Keeping Calm in a Crisis (Matthew 14)


Matthew 14 documents three extraordinarily stressful events that surfaced one day in the ministry of Jesus. There was the unjust execution of His good friend and close relative, John the Baptist.  That was followed by the urgent demands of over 5000 hungry, uninvited guests who were dependent on him for their next meal.  That night Jesus observed a violent windstorm that threatened to capsize His disciples’ boat on the Sea of Galilee.

Jesus didn’t panic. He didn’t charge the palace and threaten to kill Herod for beheading John; He calmly withdrew into a solitary place apart from the crowds.  He didn’t lash out at the hungry crowd for selfishly interrupting His retreat and foolishly failing to plan ahead; He patiently ministered to them and made do with the meager resources available to feed them all.

That night Jesus walked over the vicious waves and called out to His disciples, “Take Courage!  It is I.  Don’t be afraid.” Then He climbed into the boat with them and instantly calmed the churning sea.  No wonder,“…those who were in the boat worshiped him, saying, ‘Truly you are the Son of God.’” [1]

There’s a familiar line in Rudyard Kipling’s poem that reads, “If you can keep your head when all about you men are losing theirs…then you will be a man my son.”  If we can maintain our composure under pressure it’s a positive testimony to the world that we follow “The Man” who grants us a peace that passes understanding.

Admittedly, it’s not easy to keep calm in a crisis.  Most don’t.  They yell obscenities at ball games when the score gets close.  They lay on the horn in traffic when late for an appointment.  They scream at their kids when they’re fighting in the backseat.  They go berserk when the computer crashes.  They lash out at God when circumstances get uncomfortable.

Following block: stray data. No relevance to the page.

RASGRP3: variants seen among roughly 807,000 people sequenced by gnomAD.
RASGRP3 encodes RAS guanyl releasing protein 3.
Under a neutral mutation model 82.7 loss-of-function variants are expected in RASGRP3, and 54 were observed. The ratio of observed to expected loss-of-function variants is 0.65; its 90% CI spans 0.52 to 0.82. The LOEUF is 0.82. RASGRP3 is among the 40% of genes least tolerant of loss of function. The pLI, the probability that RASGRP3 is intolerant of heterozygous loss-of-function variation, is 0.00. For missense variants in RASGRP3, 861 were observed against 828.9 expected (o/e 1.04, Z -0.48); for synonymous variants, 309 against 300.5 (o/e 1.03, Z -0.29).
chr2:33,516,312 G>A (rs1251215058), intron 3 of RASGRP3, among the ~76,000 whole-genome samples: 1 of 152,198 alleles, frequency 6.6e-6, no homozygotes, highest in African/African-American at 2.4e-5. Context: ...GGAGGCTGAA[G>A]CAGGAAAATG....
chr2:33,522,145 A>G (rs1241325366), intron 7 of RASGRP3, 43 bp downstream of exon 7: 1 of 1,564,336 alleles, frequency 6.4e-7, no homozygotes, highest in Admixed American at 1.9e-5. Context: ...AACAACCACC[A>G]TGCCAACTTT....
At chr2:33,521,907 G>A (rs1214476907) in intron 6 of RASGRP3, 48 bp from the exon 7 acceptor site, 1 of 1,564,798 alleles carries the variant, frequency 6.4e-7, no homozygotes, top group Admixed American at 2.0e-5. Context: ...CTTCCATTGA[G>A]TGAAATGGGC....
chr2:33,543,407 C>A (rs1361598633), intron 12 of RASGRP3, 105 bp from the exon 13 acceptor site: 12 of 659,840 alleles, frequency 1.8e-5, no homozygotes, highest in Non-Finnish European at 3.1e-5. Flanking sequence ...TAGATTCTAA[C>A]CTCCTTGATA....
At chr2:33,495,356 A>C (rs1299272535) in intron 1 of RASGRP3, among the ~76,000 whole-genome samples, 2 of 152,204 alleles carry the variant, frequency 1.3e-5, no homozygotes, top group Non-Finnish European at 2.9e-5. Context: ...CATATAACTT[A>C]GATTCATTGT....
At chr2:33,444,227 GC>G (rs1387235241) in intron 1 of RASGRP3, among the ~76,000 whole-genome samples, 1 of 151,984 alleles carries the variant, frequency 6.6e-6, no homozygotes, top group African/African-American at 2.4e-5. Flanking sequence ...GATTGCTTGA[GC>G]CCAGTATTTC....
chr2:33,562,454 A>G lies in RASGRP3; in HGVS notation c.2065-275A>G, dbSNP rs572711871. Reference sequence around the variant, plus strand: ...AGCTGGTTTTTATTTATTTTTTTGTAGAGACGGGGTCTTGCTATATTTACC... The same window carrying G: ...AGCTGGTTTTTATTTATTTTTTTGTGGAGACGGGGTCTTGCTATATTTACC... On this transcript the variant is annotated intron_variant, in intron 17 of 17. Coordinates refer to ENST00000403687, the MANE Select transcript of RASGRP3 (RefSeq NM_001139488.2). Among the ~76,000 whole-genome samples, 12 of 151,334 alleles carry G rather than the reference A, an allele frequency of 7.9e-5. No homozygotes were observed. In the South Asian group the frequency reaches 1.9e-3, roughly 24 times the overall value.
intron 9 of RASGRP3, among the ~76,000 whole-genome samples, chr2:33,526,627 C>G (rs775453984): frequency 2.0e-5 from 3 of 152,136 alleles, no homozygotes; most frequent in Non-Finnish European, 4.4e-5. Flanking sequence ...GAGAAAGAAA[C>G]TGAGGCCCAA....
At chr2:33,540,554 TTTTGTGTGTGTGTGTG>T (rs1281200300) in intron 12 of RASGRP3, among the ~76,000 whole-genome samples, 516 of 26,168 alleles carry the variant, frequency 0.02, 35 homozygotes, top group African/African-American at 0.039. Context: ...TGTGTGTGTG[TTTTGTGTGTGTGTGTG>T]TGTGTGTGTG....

How do you keep your head when all about you men are losing theirs?  Although we’re not God in the flesh, as was Jesus, He did set an example for us that we should follow in His steps.  The Bible says, “The fruit of the Spirit is self control.”  How do we, like Jesus, stay calm under pressure?

The one essential for maintaining composure is the confidence that regardless of what happens the Lord is with us and He is still in control.  The disciples didn’t realize that Jesus was watching them from a nearby mountain and they got panicky in the storm.

When you face stress remember, Jesus said, “I am with you always, even to the end of the age.”  He promised to never leave nor forsake us.  We are not alone.  He is our refuge and strength and a very present help in times of trouble.

When we’re confident that we can do all things through Christ who strengthens us, disappointments are regarded as temporary, interruptions are seen as opportunities, and even the most violent storms are manageable.  I love the plaque that reads, “Lord, help me to remember that nothing is going to happen today that you and I can’t handle together.”

If stress mounts for you today, look for Jesus to appear in the midst of the storm that threatens you.  Hear Him calling to you, “Take courage!  It is I.  Do not be afraid.”

I guess that’s why I really liked the photo below that was sent to me recently.  The amazing photograph of this mother bird sheltering her two offspring under her wings (even though they seem old enough to fend for themselves) reminds us of God’s daily provision and protection in our lives.

“Have mercy on me, O God, have mercy on me, for in you my soul takes refuge. I will take refuge in the shadow of your wings until the disaster has passed.”  Psalm 57:1 [2]

** If you are enjoying this study through the book of Matthew with Bob Russell, be sure to check out Bob’s “Falling In Love With Jesus Again” Bible Study DVD and resources for your small group or church.

[1] The Holy Bible: New International Version. 1996 (electronic ed.) (Mt 14:33). Grand Rapids, MI: Zondervan.

[2] The Holy Bible: New International Version. 1996 (electronic ed.) (Ps 57:1). Grand Rapids, MI: Zondervan.


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Special Thanks to Lisa Russell Photography 
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